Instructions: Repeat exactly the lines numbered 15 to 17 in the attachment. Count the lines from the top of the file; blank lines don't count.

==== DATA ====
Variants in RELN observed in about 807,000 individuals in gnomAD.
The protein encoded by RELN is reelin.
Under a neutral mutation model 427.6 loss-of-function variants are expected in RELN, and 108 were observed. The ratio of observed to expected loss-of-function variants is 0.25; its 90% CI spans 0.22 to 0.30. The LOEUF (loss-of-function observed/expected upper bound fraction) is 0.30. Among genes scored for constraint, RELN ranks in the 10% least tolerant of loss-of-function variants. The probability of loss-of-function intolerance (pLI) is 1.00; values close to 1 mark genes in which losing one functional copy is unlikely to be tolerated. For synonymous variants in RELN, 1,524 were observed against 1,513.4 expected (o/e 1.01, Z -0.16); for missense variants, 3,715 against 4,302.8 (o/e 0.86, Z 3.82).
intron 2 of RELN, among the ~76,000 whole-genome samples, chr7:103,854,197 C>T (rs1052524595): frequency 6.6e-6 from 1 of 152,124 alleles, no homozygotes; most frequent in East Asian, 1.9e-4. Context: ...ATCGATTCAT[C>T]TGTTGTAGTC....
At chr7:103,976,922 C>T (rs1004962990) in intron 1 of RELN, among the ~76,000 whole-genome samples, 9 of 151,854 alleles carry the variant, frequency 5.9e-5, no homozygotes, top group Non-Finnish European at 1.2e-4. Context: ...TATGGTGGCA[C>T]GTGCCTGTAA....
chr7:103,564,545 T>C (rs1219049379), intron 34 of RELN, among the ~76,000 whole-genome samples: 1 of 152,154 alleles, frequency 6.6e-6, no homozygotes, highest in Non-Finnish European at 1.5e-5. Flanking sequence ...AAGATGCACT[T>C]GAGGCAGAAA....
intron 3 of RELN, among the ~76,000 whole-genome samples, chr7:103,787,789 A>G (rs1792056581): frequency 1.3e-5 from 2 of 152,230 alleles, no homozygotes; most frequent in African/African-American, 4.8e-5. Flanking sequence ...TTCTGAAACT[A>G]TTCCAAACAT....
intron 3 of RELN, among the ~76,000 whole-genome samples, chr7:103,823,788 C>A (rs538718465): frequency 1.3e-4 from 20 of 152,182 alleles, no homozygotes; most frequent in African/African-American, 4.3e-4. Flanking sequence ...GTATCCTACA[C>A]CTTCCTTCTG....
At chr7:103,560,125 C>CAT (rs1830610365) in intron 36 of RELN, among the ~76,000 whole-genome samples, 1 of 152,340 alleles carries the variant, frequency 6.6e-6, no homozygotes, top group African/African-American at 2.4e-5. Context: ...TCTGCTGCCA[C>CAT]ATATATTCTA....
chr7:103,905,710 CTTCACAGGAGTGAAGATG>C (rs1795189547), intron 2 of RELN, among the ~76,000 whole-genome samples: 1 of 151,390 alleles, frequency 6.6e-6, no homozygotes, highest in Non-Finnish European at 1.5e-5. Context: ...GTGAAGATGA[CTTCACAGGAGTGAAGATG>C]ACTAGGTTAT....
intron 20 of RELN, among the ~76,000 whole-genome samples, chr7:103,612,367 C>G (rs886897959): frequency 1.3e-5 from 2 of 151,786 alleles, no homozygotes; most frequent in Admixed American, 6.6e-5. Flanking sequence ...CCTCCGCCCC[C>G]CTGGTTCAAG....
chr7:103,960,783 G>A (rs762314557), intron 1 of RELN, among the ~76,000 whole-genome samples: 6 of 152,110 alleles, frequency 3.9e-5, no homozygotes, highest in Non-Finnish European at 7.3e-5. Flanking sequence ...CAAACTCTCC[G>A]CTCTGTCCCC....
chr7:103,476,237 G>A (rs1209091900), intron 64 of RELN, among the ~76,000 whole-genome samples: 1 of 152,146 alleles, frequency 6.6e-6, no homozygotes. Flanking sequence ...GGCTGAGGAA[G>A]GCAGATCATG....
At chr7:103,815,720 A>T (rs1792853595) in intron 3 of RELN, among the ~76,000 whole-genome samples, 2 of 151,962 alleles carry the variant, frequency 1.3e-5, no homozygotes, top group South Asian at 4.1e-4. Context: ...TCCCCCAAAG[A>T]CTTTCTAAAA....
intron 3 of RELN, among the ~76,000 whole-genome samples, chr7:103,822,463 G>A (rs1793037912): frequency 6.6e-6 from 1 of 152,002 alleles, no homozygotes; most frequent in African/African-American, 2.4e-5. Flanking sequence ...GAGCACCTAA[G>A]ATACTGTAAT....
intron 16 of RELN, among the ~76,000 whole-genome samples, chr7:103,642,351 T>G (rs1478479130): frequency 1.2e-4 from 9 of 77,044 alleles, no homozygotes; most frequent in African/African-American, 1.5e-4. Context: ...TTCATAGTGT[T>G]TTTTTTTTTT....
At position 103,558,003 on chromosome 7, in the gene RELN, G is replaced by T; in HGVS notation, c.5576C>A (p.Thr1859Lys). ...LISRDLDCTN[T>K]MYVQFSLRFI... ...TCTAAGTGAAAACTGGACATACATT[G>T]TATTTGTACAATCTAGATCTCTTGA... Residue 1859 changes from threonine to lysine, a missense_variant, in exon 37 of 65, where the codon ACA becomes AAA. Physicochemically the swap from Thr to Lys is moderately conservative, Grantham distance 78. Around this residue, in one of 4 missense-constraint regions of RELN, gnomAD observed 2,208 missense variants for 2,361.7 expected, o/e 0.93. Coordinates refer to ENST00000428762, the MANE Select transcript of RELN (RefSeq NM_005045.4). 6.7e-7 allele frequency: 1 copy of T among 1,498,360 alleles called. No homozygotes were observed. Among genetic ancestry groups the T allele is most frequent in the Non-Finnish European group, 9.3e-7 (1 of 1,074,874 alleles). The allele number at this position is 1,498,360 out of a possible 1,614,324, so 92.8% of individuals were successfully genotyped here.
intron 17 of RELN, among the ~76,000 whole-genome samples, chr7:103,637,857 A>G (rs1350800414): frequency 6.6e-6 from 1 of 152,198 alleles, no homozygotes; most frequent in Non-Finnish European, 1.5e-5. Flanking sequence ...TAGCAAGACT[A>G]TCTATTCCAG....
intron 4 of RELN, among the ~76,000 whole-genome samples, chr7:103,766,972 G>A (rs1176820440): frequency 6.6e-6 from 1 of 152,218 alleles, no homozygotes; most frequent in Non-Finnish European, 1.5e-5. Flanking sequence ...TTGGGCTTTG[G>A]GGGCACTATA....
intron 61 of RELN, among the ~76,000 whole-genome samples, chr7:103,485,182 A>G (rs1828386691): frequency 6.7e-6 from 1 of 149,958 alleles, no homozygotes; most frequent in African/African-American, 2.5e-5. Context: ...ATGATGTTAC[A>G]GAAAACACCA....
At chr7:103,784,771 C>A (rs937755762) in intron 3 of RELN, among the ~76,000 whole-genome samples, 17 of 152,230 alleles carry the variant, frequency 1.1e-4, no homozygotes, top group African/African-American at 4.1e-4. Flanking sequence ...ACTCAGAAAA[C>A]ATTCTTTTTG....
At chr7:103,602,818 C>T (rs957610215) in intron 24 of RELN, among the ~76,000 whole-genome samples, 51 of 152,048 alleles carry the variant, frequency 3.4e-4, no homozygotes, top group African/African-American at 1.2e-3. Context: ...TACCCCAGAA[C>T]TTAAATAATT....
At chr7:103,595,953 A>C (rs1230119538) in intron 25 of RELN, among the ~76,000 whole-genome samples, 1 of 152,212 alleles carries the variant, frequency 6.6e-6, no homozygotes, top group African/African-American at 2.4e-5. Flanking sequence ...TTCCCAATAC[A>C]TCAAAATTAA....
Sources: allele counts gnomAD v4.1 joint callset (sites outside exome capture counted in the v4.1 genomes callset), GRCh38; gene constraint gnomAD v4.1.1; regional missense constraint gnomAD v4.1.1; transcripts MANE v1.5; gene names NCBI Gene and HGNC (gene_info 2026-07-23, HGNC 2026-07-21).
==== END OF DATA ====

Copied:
intron 3 of RELN, among the ~76,000 whole-genome samples, chr7:103,822,463 G>A (rs1793037912): frequency 6.6e-6 from 1 of 152,002 alleles, no homozygotes; most frequent in African/African-American, 2.4e-5. Flanking sequence ...GAGCACCTAA[G>A]ATACTGTAAT....
intron 16 of RELN, among the ~76,000 whole-genome samples, chr7:103,642,351 T>G (rs1478479130): frequency 1.2e-4 from 9 of 77,044 alleles, no homozygotes; most frequent in African/African-American, 1.5e-4. Context: ...TTCATAGTGT[T>G]TTTTTTTTTT....
At position 103,558,003 on chromosome 7, in the gene RELN, G is replaced by T; in HGVS notation, c.5576C>A (p.Thr1859Lys). ...LISRDLDCTN[T>K]MYVQFSLRFI... ...TCTAAGTGAAAACTGGACATACATT[G>T]TATTTGTACAATCTAGATCTCTTGA... Residue 1859 changes from threonine to lysine, a missense_variant, in exon 37 of 65, where the codon ACA becomes AAA. Physicochemically the swap from Thr to Lys is moderately conservative, Grantham distance 78. Around this residue, in one of 4 missense-constraint regions of RELN, gnomAD observed 2,208 missense variants for 2,361.7 expected, o/e 0.93. Coordinates refer to ENST00000428762, the MANE Select transcript of RELN (RefSeq NM_005045.4). 6.7e-7 allele frequency: 1 copy of T among 1,498,360 alleles called. No homozygotes were observed. Among genetic ancestry groups the T allele is most frequent in the Non-Finnish European group, 9.3e-7 (1 of 1,074,874 alleles). The allele number at this position is 1,498,360 out of a possible 1,614,324, so 92.8% of individuals were successfully genotyped here.